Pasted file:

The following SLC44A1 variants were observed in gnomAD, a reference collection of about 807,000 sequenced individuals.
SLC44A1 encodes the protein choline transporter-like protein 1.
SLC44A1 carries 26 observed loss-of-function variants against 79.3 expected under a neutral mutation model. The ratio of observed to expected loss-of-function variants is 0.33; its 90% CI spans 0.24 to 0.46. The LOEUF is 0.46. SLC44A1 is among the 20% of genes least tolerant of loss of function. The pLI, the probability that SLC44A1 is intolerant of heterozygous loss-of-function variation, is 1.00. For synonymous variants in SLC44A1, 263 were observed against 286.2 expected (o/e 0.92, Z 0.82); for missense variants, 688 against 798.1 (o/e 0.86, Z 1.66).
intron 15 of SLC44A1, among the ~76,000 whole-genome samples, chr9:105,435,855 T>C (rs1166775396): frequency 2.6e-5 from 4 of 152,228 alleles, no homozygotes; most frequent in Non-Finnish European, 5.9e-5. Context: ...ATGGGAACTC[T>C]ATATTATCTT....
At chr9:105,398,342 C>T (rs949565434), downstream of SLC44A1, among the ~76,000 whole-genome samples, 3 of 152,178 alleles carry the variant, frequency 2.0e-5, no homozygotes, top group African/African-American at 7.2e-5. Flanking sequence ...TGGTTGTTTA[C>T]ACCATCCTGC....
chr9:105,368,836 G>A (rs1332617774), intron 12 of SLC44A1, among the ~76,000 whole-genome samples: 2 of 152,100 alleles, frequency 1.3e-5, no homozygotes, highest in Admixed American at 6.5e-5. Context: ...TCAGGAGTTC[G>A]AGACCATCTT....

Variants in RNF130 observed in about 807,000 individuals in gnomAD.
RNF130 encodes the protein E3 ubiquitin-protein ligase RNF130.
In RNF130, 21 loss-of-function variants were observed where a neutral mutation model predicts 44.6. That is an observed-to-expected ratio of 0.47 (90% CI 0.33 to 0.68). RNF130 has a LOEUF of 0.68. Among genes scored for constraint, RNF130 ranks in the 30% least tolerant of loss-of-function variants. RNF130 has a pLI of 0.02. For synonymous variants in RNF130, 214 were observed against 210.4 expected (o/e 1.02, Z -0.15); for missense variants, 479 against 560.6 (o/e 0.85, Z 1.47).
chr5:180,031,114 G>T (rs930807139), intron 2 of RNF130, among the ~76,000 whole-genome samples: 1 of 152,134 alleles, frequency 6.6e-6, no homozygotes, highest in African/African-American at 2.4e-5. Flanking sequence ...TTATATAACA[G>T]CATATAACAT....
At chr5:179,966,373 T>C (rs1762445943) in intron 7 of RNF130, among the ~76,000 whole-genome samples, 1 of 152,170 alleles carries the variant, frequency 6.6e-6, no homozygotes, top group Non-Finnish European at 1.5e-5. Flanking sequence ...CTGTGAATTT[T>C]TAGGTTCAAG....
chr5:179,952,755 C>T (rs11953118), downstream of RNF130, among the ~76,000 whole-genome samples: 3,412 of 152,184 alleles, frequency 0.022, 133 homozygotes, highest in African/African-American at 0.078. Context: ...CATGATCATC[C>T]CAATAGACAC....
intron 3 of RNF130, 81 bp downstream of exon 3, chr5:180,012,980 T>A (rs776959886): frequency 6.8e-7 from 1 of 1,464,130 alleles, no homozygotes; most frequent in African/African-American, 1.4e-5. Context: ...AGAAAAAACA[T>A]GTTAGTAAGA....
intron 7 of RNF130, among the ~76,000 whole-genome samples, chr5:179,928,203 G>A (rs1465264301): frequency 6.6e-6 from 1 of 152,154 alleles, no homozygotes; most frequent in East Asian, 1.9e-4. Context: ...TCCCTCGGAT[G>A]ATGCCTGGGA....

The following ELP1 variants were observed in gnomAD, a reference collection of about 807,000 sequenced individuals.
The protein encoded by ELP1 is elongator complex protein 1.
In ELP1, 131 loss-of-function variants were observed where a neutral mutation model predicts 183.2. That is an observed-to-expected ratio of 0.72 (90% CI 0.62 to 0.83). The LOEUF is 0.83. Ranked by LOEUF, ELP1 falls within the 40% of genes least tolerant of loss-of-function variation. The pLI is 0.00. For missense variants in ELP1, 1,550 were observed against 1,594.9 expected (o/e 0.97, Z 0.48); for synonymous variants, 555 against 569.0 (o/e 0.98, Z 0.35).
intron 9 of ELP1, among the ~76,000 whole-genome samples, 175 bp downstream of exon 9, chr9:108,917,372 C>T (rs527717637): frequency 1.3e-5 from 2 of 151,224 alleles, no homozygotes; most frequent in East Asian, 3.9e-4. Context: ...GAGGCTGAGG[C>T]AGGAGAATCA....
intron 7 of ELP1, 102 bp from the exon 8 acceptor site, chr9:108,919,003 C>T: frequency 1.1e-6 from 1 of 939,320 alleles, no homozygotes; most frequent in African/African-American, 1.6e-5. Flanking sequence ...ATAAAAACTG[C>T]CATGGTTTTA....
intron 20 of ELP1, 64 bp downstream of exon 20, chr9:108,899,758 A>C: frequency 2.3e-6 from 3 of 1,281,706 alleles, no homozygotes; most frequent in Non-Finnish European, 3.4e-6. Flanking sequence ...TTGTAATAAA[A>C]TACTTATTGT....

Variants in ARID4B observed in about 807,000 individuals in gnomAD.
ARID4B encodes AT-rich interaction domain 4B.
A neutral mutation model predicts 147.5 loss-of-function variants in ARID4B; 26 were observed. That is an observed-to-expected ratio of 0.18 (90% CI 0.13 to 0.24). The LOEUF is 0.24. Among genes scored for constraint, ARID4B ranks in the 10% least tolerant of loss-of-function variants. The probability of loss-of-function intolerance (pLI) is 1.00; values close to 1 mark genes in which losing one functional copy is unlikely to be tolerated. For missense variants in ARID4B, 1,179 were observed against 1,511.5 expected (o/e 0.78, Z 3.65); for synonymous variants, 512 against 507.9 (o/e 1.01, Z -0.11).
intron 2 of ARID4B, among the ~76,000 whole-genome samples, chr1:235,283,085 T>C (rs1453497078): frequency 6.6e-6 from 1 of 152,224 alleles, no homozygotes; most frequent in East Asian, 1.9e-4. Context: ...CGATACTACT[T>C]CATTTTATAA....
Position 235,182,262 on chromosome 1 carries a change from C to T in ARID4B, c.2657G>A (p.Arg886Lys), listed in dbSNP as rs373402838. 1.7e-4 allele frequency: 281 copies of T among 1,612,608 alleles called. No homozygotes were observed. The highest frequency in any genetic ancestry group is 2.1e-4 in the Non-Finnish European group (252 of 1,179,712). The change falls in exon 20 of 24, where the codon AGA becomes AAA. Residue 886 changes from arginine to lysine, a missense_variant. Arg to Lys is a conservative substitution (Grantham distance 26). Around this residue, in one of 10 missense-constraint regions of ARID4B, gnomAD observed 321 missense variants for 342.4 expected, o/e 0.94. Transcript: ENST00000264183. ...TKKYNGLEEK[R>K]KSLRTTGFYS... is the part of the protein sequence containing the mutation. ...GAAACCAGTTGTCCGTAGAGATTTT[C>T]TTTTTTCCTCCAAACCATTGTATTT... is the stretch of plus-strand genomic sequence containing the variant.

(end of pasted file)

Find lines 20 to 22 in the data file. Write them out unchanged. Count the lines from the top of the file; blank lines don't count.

intron 20 of ELP1, 64 bp downstream of exon 20, chr9:108,899,758 A>C: frequency 2.3e-6 from 3 of 1,281,706 alleles, no homozygotes; most frequent in Non-Finnish European, 3.4e-6. Flanking sequence ...TTGTAATAAA[A>C]TACTTATTGT....

Variants in ARID4B observed in about 807,000 individuals in gnomAD.
ARID4B encodes AT-rich interaction domain 4B.